If you’re separating from your spouse, you may be obliged to pay spousal support. The amount of spousal support you have to pay and the duration/ length of time you have to pay support for depends on a variety of factors including:
- how long you were married/cohabited
- the age of the recipient on the date of separation
- if you have children with your spouse
- the child custody arrangement
- the age of the children
- if you choose to restructure support payments to reduce the number of support payments
- your respective financial circumstances
- the basis of entitlement/strength of any compensatory claim
- recipient’s need and ability of the payor to pay
- any special needs of the children
For long-term marriages of 20 years or more, the duration of spousal support is usually for an “indefinite (unspecified) duration, subject to variation and possibly review”. Many payors get concerned when they see this as they interpret it as meaning that would have to pay spousal support forever. Even recipients are surprised when after the passage of time, they discover that their spousal support could be reduced or terminated as they imagined they would receive spousal support in the same amount until they died.
Spousal support for an indefinite duration and spousal support for the recipient’s lifetime are very different things.
The spousal support advisory guidelines would recommend indefinite support when the relationship is 20 years or longer or when the rule of 65 applies (see below for the meaning of the Rule of 65). Indefinite support simply means that at the time the support agreement or order is being made, an end date would not be set. Indefinite support amounts can also be changed. Variation and review of the amount of spousal support being paid is possible if there is a change in circumstances.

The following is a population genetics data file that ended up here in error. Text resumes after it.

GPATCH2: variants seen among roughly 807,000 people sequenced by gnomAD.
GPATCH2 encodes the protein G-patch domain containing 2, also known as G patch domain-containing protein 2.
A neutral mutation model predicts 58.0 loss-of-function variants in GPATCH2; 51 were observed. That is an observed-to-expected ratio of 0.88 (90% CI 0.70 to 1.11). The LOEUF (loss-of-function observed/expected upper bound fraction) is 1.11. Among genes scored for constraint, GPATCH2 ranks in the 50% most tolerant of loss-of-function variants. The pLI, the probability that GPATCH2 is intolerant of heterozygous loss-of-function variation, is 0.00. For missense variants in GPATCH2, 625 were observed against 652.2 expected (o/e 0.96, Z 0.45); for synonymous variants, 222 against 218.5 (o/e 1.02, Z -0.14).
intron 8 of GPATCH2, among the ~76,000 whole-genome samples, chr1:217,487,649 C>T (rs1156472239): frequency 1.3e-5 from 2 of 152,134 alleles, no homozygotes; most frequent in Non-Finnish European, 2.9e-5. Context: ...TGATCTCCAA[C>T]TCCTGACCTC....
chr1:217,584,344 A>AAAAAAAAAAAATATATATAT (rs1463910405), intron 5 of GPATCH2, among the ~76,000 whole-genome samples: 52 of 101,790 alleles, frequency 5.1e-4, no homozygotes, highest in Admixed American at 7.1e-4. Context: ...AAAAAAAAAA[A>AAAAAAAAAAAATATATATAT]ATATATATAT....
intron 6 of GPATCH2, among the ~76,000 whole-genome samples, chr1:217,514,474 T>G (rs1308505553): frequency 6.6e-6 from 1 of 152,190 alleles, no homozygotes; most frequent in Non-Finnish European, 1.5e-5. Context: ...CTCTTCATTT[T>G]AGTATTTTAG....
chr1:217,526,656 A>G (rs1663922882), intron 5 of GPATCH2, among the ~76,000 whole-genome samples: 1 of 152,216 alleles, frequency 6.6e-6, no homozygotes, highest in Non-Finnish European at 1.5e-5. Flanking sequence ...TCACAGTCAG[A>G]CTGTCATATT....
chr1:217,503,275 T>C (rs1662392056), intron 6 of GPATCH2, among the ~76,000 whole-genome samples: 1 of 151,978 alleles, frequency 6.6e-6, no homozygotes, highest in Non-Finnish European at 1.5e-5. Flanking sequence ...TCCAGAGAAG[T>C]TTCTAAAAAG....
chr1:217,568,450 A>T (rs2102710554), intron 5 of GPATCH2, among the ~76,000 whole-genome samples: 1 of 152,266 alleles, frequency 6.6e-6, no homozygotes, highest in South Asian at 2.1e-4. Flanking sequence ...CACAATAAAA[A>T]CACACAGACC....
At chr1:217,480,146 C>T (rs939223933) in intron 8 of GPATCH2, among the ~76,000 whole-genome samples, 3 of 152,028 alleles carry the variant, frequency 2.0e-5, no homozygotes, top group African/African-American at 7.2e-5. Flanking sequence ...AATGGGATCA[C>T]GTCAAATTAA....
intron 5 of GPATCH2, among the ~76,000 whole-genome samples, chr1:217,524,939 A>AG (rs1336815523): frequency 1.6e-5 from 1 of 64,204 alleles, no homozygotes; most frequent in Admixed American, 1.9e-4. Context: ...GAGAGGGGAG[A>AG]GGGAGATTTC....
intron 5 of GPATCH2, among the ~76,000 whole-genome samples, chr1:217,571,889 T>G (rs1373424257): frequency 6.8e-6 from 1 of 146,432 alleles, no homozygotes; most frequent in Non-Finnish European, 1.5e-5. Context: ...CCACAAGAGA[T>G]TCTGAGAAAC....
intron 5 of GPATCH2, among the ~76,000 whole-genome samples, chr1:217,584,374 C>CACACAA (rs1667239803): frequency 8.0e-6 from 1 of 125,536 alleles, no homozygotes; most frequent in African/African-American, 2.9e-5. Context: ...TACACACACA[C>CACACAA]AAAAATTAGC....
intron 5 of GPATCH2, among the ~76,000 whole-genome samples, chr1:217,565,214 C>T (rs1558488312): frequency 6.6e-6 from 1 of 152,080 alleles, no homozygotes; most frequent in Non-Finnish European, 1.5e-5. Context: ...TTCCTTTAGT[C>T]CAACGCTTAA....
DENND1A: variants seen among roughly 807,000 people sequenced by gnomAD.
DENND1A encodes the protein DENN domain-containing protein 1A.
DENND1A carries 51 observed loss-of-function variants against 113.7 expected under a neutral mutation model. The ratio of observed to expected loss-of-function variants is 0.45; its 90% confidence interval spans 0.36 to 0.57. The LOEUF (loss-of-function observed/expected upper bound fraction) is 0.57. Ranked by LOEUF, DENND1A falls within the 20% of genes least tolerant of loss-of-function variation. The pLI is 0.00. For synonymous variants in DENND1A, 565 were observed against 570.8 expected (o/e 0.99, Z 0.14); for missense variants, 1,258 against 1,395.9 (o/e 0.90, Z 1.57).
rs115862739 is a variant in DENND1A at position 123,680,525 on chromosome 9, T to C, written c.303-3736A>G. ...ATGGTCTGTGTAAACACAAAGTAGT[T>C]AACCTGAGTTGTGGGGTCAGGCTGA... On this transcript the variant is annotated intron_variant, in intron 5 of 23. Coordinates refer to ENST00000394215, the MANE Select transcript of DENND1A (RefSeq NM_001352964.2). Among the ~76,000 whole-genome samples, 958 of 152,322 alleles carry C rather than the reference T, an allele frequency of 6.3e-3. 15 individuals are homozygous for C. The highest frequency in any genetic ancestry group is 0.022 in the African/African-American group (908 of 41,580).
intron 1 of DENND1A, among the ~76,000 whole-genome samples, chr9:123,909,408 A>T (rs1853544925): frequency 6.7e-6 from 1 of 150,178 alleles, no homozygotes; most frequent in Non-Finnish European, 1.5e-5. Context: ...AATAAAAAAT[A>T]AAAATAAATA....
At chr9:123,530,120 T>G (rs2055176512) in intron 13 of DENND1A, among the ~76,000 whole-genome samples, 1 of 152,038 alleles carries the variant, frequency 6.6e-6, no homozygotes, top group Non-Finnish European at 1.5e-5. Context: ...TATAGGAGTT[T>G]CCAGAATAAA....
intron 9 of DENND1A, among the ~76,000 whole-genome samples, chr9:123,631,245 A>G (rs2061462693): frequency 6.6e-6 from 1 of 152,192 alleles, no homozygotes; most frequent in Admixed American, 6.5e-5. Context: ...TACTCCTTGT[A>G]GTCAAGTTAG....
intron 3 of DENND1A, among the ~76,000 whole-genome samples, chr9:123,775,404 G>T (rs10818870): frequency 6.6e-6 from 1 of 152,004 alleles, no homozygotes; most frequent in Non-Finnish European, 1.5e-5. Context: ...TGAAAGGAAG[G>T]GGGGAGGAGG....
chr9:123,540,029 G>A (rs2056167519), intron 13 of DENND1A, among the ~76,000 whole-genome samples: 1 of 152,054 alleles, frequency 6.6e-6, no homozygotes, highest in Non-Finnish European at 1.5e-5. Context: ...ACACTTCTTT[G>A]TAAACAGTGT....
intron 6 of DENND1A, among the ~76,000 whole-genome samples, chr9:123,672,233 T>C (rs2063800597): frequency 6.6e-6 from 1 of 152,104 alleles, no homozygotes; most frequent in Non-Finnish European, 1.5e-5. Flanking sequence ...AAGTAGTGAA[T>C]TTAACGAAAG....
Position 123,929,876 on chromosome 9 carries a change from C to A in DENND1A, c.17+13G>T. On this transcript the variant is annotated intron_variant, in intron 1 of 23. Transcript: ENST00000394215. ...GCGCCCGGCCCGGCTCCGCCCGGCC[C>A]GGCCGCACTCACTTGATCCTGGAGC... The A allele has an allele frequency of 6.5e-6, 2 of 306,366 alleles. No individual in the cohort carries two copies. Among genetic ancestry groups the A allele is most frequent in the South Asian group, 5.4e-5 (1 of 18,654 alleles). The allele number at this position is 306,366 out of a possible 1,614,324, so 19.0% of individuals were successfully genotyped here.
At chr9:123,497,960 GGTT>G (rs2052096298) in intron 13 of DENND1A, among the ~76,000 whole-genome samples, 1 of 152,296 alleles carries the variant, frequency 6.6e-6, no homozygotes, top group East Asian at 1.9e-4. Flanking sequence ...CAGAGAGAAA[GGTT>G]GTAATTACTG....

In short, despite spousal support being set for an indefinite/ unspecified duration, in the future an end date can be fixed, support can be terminated, and the amount of spousal support can change. What are some factors that could lead to this?
- the payor’s retirement
- remarriage of the recipient or the recipient being in a marriage-like relationship
- changes in income
- recipient being deemed self-sufficient, even if based on income being imputed to the recipient.
Support recipients are required to make reasonable attempts to become self-sufficient even if they have a spousal support agreement or order for an indefinite duration.
The Rule of 65
It applies to marriages of 5 years or longer where the length of the parties’ relationship plus the recipient’s age at the date of separation, equals or exceeds 65. In this case, an indefinite duration of spousal support may be appropriate, even though the parties’ relationship is less than 20 years.